Tuesday, March 29, 2005

You're hired!

I am in the middle of a selection process from amongst a particularly strong set of job applicants, and have come up with the following law:

The stronger the field of applicants, the more trivial the eventual selection criteria.

It's comforting to think that I might not have been selected for past jobs because of a fat neck. Or was it a big nose? Or was it an errant crumb? Or, or, or...

Or am I fooling myself that the field for my present position was strong? After all, they did take many, many months to reply... aiee, it's enough to drive one batty.

 Monday, March 28, 2005

Auwe, another great Temblor:

A large (Mw=8.2) earthquake occurred off the western coast of Northern Sumatra today, and tsunami warnings were issued in nearby Thailand.

The quake struck at about 11:10 PM local (11:10 AM EST), and was about one fiftieth as strong as the December 26 event. The hypocentre was about 30 km (+/- 6.1 km) deep, and was followed by a Mw 6.0 aftershock within about 30 minutes, offset to the South-East. It is not known at present whether these events produced tsunamis, but the rapid Moment Tensor Solution for this event shows an almost vertical motion for the event.

Another Indonesian earthquake today... Posted by Hello

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 Friday, March 25, 2005

Spongebob's neighbourhood:

Who said science wasn't funny?

Here's Squidward's cousin, Octopeter marginatus, hoofing it (suckering?) across the Indonesian seafloor.

And Octopaul aculaeatus, looking a little frazzled, wanders away from the party...

(videos require the RealPlayer plug-in)

OK, ok, here's the whole story...grab onto it with all your arms & legs.

 Wednesday, March 09, 2005

Why for you bury me in the cold, cold ground?

...a statement which Taz could be asking very soon, but not of Bugs Bunny.

An article in Science (Vol 307, Issue 5712, 1035, 18 February 2005, summary) recently drew my attention to something that has bothered me for years.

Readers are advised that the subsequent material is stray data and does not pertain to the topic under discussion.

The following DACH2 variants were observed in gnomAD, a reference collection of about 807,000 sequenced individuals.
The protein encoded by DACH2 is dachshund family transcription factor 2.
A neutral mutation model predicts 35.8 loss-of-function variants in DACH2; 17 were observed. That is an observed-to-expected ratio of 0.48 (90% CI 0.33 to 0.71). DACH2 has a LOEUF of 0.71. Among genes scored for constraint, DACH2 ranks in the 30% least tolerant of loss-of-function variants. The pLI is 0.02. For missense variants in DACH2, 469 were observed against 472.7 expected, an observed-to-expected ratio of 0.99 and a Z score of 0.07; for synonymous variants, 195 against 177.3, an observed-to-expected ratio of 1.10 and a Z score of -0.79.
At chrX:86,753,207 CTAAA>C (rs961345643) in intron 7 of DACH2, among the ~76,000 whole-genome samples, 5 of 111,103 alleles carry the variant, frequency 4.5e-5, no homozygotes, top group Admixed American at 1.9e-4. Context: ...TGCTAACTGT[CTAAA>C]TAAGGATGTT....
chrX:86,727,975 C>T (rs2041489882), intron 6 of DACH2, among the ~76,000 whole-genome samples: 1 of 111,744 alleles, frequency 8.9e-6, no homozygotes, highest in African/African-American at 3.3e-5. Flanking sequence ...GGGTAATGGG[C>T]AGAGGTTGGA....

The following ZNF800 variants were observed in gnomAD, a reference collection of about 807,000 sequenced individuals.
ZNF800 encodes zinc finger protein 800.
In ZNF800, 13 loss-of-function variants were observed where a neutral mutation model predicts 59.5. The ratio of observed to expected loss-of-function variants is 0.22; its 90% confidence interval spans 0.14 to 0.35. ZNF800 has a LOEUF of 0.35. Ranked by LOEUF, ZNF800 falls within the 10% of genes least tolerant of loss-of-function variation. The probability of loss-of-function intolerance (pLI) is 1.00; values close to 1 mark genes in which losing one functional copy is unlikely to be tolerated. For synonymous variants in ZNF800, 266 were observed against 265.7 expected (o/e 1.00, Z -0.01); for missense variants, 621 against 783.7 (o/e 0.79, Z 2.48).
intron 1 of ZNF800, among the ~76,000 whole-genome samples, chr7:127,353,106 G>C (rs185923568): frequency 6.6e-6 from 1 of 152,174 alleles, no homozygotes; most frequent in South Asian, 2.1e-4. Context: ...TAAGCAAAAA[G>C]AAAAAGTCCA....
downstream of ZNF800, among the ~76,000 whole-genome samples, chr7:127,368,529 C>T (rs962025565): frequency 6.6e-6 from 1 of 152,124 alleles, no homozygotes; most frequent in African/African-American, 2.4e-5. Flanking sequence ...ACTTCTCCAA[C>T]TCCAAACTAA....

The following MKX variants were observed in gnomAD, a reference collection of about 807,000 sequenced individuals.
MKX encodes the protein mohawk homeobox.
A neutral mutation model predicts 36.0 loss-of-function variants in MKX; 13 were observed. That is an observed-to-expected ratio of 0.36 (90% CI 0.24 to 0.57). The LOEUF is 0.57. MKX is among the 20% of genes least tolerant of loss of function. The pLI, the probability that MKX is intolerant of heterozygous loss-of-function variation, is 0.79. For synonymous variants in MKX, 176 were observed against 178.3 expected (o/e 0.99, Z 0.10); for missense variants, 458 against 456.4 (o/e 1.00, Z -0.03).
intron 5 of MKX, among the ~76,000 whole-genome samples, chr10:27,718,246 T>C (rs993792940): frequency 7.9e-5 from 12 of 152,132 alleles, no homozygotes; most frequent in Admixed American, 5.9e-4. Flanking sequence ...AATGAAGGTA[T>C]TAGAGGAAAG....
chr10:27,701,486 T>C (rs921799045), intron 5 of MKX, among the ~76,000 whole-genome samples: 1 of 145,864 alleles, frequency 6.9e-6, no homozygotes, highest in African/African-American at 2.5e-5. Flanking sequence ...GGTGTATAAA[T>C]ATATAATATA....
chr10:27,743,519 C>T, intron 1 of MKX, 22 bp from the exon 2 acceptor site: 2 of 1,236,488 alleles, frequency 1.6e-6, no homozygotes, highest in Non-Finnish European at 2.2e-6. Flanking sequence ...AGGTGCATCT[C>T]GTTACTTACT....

For some reason, probably to do with the context in which I learned the word, a disease has always seemed to me to be something that was communicable, or that at least had some kind of vector. So things like leprosy, measles, malaria, influenza were diseases, while things like cancer, diabetes, Krohn's etc. were not. I would have called these latter things 'conditions.'

I now know this is not how they are defined medically, and that there is probably medical or epidemiological terminology to describe exactly the kind of separation I describe above, and that I still feel echoes of today when I hear the word 'disease' used to describe things that cannot be transmitted from one individual to another.

...or am I sure? The Science article describes a facial cancer that has been observed to be increasing in frequency among Tasmanian Devils. The disfiguring facial cancer eventually grows so large that it interferes with the creature's feeding, and they starve to death. The point in the article that stunned me was that this cancer seems to be spreading because the Tasmanian Devils are in fact spreading cancerous cells to each other as a consequence of the vicious fights they normally enage in, including biting each other's mouths. In other words, this is a cancer that is a communicable disease. Evidently these cancer cells can get around the self/non-self signals that are the basis for most immune systems. This is a cell that is not exactly some other form of life, but a mutated version of self.

I think this is more evidence that Nature loves these grey areas, and always holds a surprise, like a sort of fractal.

 Tuesday, March 08, 2005

Farewell to a Trojan: